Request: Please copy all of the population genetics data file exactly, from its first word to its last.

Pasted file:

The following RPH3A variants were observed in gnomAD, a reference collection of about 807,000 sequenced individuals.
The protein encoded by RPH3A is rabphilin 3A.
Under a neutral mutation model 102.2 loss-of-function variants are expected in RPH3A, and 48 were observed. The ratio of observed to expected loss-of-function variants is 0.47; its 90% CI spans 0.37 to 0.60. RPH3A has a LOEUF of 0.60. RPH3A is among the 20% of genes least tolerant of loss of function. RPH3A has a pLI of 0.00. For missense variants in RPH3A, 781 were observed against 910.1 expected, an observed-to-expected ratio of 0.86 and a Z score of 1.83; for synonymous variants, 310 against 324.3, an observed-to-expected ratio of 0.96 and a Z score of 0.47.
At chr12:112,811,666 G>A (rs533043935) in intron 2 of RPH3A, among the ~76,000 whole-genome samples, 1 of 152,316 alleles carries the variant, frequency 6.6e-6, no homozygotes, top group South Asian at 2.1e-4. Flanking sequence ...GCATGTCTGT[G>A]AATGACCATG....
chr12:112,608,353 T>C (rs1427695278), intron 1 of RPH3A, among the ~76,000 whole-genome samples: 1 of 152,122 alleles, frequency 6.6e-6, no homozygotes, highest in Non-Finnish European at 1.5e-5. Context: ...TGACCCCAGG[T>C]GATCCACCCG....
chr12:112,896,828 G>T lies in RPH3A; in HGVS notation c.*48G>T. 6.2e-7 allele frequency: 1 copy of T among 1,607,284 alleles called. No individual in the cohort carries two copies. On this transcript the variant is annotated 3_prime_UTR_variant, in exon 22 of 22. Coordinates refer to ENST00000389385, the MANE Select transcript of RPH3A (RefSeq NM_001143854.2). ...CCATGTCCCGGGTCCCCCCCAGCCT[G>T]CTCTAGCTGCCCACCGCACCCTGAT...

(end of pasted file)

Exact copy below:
The following RPH3A variants were observed in gnomAD, a reference collection of about 807,000 sequenced individuals.
The protein encoded by RPH3A is rabphilin 3A.
Under a neutral mutation model 102.2 loss-of-function variants are expected in RPH3A, and 48 were observed. The ratio of observed to expected loss-of-function variants is 0.47; its 90% CI spans 0.37 to 0.60. RPH3A has a LOEUF of 0.60. RPH3A is among the 20% of genes least tolerant of loss of function. RPH3A has a pLI of 0.00. For missense variants in RPH3A, 781 were observed against 910.1 expected, an observed-to-expected ratio of 0.86 and a Z score of 1.83; for synonymous variants, 310 against 324.3, an observed-to-expected ratio of 0.96 and a Z score of 0.47.
At chr12:112,811,666 G>A (rs533043935) in intron 2 of RPH3A, among the ~76,000 whole-genome samples, 1 of 152,316 alleles carries the variant, frequency 6.6e-6, no homozygotes, top group South Asian at 2.1e-4. Flanking sequence ...GCATGTCTGT[G>A]AATGACCATG....
chr12:112,608,353 T>C (rs1427695278), intron 1 of RPH3A, among the ~76,000 whole-genome samples: 1 of 152,122 alleles, frequency 6.6e-6, no homozygotes, highest in Non-Finnish European at 1.5e-5. Context: ...TGACCCCAGG[T>C]GATCCACCCG....
chr12:112,896,828 G>T lies in RPH3A; in HGVS notation c.*48G>T. 6.2e-7 allele frequency: 1 copy of T among 1,607,284 alleles called. No individual in the cohort carries two copies. On this transcript the variant is annotated 3_prime_UTR_variant, in exon 22 of 22. Coordinates refer to ENST00000389385, the MANE Select transcript of RPH3A (RefSeq NM_001143854.2). ...CCATGTCCCGGGTCCCCCCCAGCCT[G>T]CTCTAGCTGCCCACCGCACCCTGAT...